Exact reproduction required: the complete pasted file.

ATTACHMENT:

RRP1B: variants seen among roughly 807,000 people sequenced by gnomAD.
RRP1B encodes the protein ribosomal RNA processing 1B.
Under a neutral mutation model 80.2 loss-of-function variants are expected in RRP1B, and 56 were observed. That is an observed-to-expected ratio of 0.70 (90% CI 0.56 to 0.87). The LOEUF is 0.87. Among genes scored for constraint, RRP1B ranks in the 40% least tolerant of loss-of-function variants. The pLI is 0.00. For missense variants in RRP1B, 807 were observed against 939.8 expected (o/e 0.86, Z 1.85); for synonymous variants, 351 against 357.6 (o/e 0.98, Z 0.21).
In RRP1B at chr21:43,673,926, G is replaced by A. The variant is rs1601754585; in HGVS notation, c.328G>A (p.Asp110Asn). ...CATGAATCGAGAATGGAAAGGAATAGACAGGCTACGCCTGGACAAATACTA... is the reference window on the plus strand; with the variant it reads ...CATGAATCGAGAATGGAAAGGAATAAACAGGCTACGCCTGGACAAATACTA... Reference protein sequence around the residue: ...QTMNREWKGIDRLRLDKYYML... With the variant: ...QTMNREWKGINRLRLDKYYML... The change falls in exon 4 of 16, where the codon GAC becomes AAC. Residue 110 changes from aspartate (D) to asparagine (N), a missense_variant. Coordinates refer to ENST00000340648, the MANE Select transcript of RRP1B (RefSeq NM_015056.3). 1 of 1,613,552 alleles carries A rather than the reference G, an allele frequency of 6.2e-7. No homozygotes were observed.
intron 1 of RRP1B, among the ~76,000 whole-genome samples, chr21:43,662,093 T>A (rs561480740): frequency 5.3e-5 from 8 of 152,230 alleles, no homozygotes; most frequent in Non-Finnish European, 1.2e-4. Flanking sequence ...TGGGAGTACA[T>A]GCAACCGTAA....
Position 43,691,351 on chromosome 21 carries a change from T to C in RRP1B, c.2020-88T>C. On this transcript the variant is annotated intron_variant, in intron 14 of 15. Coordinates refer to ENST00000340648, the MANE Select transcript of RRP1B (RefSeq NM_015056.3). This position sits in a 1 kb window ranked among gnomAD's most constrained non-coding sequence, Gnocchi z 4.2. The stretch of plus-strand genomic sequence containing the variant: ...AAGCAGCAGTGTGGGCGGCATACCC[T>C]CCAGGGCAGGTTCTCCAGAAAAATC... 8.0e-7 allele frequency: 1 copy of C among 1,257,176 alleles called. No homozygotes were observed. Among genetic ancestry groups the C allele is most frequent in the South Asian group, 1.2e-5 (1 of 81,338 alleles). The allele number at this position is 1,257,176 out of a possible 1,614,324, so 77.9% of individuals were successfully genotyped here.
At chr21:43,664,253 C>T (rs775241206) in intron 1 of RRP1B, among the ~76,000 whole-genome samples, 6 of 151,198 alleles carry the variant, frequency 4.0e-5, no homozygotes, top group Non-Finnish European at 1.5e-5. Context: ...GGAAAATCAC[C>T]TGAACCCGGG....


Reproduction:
RRP1B: variants seen among roughly 807,000 people sequenced by gnomAD.
RRP1B encodes the protein ribosomal RNA processing 1B.
Under a neutral mutation model 80.2 loss-of-function variants are expected in RRP1B, and 56 were observed. That is an observed-to-expected ratio of 0.70 (90% CI 0.56 to 0.87). The LOEUF is 0.87. Among genes scored for constraint, RRP1B ranks in the 40% least tolerant of loss-of-function variants. The pLI is 0.00. For missense variants in RRP1B, 807 were observed against 939.8 expected (o/e 0.86, Z 1.85); for synonymous variants, 351 against 357.6 (o/e 0.98, Z 0.21).
In RRP1B at chr21:43,673,926, G is replaced by A. The variant is rs1601754585; in HGVS notation, c.328G>A (p.Asp110Asn). ...CATGAATCGAGAATGGAAAGGAATAGACAGGCTACGCCTGGACAAATACTA... is the reference window on the plus strand; with the variant it reads ...CATGAATCGAGAATGGAAAGGAATAAACAGGCTACGCCTGGACAAATACTA... Reference protein sequence around the residue: ...QTMNREWKGIDRLRLDKYYML... With the variant: ...QTMNREWKGINRLRLDKYYML... The change falls in exon 4 of 16, where the codon GAC becomes AAC. Residue 110 changes from aspartate (D) to asparagine (N), a missense_variant. Coordinates refer to ENST00000340648, the MANE Select transcript of RRP1B (RefSeq NM_015056.3). 1 of 1,613,552 alleles carries A rather than the reference G, an allele frequency of 6.2e-7. No homozygotes were observed.
intron 1 of RRP1B, among the ~76,000 whole-genome samples, chr21:43,662,093 T>A (rs561480740): frequency 5.3e-5 from 8 of 152,230 alleles, no homozygotes; most frequent in Non-Finnish European, 1.2e-4. Flanking sequence ...TGGGAGTACA[T>A]GCAACCGTAA....
Position 43,691,351 on chromosome 21 carries a change from T to C in RRP1B, c.2020-88T>C. On this transcript the variant is annotated intron_variant, in intron 14 of 15. Coordinates refer to ENST00000340648, the MANE Select transcript of RRP1B (RefSeq NM_015056.3). This position sits in a 1 kb window ranked among gnomAD's most constrained non-coding sequence, Gnocchi z 4.2. The stretch of plus-strand genomic sequence containing the variant: ...AAGCAGCAGTGTGGGCGGCATACCC[T>C]CCAGGGCAGGTTCTCCAGAAAAATC... 8.0e-7 allele frequency: 1 copy of C among 1,257,176 alleles called. No homozygotes were observed. Among genetic ancestry groups the C allele is most frequent in the South Asian group, 1.2e-5 (1 of 81,338 alleles). The allele number at this position is 1,257,176 out of a possible 1,614,324, so 77.9% of individuals were successfully genotyped here.
At chr21:43,664,253 C>T (rs775241206) in intron 1 of RRP1B, among the ~76,000 whole-genome samples, 6 of 151,198 alleles carry the variant, frequency 4.0e-5, no homozygotes, top group Non-Finnish European at 1.5e-5. Context: ...GGAAAATCAC[C>T]TGAACCCGGG....